A climbing season that's been marred by the highest death toll on Mount Everest in four years has prompted officials in Nepal to review rules about who is allowed up the mountain, after complaints of overcrowding and inexperienced climbers.
Eleven people have died so far this year on Everest -- including nine in Nepal -- likely due to altitude sickness, which is caused by low amounts of oxygen at high elevation and can lead to headaches, vomiting, shortness of breath and mental confusion.
Nepal has issued permits to 381 people to climb Everest, which the government says is the greatest number ever.
The country takes in about $300 million each year from climbing, but officials disclosed Wednesday they were considering updating the rules about who was allowed up the 29,035-foot peak.
"It’s time to review all the old laws,” Parliament member Yagya Raj Sunuwar told the New York Times.
Because of the altitude, climbers have just hours to reach the top before they are at risk of pulmonary edema, when the lungs fill with liquid causing respiratory failure. Mountaineers this year have described traffic jams caused by exhausted rookies in the "death zone," the final phase of the ascent from Camp Four at 26,240 feet to the peak.
Renowned mountaineer Um Hong-gil of South Korea, who was honored by the Nepal government Wednesday at an event commemorating the 66th anniversary of the first ascent of Everest, said the number of climbers should be scaled back and only those with proper training and experience should be allowed.
"There should definitely be less permits issued and more experienced climbers on Everest," Um said.
A feat once only possible for well-heeled elite mountaineers has changed greatly since he first climbed Everest in 1988, in part because of advanced weather forecasting technology that more accurately predicts clear conditions, leading to pileups at the peak, according to Um.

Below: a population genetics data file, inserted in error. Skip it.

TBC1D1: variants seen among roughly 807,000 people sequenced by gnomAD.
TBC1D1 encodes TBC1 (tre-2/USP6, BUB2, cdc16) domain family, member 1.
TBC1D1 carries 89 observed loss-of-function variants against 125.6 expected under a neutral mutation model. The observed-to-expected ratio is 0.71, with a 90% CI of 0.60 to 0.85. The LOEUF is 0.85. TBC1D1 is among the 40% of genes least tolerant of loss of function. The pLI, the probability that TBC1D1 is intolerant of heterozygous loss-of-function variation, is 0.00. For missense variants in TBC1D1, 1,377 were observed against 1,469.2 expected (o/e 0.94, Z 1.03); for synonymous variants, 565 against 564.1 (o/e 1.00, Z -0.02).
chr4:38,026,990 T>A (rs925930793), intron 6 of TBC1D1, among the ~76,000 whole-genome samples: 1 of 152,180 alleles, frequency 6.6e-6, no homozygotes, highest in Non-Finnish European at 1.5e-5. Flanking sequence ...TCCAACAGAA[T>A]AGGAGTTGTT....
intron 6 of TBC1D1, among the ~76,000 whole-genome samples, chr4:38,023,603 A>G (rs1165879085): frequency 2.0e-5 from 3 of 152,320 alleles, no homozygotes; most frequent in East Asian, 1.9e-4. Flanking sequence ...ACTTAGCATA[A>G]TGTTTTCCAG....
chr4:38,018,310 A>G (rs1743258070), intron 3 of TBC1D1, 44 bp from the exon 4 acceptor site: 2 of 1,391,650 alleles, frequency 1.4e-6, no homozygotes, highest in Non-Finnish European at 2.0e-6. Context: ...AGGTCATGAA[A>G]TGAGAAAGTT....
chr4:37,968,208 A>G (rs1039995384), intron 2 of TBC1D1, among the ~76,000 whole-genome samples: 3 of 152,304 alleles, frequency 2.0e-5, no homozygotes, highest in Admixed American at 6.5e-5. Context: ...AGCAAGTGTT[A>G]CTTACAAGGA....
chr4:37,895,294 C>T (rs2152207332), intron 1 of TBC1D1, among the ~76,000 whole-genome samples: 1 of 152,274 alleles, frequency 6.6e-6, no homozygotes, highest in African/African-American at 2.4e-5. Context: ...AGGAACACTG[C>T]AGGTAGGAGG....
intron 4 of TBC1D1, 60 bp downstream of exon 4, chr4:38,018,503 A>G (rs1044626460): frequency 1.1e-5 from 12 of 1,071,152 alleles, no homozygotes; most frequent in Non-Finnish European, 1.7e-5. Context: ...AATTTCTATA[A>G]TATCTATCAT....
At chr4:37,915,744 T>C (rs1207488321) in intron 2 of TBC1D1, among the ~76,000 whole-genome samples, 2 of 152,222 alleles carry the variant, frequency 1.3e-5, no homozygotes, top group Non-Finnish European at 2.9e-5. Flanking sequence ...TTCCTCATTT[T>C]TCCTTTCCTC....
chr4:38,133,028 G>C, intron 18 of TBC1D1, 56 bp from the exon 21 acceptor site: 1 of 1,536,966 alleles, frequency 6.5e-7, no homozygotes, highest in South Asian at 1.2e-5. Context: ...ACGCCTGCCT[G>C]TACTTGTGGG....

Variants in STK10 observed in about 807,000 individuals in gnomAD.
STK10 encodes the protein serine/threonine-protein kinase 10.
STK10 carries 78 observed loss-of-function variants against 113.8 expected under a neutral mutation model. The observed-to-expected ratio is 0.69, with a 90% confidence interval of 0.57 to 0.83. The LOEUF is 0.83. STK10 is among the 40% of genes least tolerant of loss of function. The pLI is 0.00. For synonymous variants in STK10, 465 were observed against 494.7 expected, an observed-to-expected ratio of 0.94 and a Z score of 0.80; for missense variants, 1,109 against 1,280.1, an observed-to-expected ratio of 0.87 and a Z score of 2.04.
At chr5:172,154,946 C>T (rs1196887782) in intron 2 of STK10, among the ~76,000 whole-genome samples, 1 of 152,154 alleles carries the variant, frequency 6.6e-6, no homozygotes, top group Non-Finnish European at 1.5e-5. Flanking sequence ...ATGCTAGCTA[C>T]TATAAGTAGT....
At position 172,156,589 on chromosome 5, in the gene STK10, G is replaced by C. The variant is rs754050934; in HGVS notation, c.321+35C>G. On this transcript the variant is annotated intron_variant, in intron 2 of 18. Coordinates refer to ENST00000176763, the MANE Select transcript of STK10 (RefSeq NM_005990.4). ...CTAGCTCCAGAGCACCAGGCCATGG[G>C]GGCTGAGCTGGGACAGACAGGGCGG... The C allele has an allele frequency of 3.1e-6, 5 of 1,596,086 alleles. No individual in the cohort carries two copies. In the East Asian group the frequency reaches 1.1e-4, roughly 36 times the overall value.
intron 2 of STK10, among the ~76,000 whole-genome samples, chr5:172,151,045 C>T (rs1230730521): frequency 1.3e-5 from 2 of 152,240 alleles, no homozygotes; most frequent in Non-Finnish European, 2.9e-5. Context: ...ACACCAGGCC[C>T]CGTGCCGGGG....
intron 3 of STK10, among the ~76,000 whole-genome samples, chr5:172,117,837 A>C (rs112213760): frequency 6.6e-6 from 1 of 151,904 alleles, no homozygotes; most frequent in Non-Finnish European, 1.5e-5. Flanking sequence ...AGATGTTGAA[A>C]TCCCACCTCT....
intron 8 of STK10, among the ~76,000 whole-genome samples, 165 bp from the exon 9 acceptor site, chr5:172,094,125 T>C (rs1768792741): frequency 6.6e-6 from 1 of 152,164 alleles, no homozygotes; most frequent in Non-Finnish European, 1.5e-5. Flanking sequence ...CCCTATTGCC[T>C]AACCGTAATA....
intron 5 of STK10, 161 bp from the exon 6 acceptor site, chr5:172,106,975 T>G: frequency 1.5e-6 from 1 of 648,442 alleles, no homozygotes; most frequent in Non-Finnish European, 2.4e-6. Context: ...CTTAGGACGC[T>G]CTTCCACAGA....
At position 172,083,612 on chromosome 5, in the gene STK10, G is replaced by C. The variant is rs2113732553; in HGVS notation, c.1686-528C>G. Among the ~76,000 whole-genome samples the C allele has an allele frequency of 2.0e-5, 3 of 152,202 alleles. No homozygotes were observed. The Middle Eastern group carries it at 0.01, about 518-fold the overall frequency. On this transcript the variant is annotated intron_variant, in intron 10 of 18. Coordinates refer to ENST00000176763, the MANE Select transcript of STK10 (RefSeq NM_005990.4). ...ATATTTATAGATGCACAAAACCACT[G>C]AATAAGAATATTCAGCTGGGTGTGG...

"Many people are now taking climbing Everest very lightly and as entertainment only, which they think they can do without much training," he said.
For one thing, the climbing market in Nepal is no longer one of the global elite. Anyone with a doctor's note saying they are physically fit can obtain a climbing permit for an $11,000 fee without having to prove they can handle navigating the extreme heights.
While government officials at an event in Kathmandu celebrating the successful climb of Edmund Hillary and Tenzing Norgay in 1953 said Wednesday there were no plans to cap permits, another official had a different response to the New York Times.
“Certainly there will be some change in the expedition sector,” Mira Acharya, a senior official with Nepal’s tourism department, told the newspaper. “We are discussing reforming some issues, including setting criteria for every Everest hopeful."
Acharya added that at a recent meeting among officials that the topic of inexperienced climbers was "raised."
The nine deaths this year on Nepal's side of the mountain included Don Cash, a sales executive from Utah, and Christopher Kulish, an attorney from Colorado, who both died on their way down from the summit.
The Nepal Mountaineering Association, an umbrella body of expedition operators, said it would push the government to require climbers to adequately prepare for what Um described as an extremely taxing physical and mental task.
"The government needs to come up with strict policies to control the inexperienced climbers from attempting to scale Everest," said the association's president, Santa Bir Lama.
The Associated Press contributed to this report.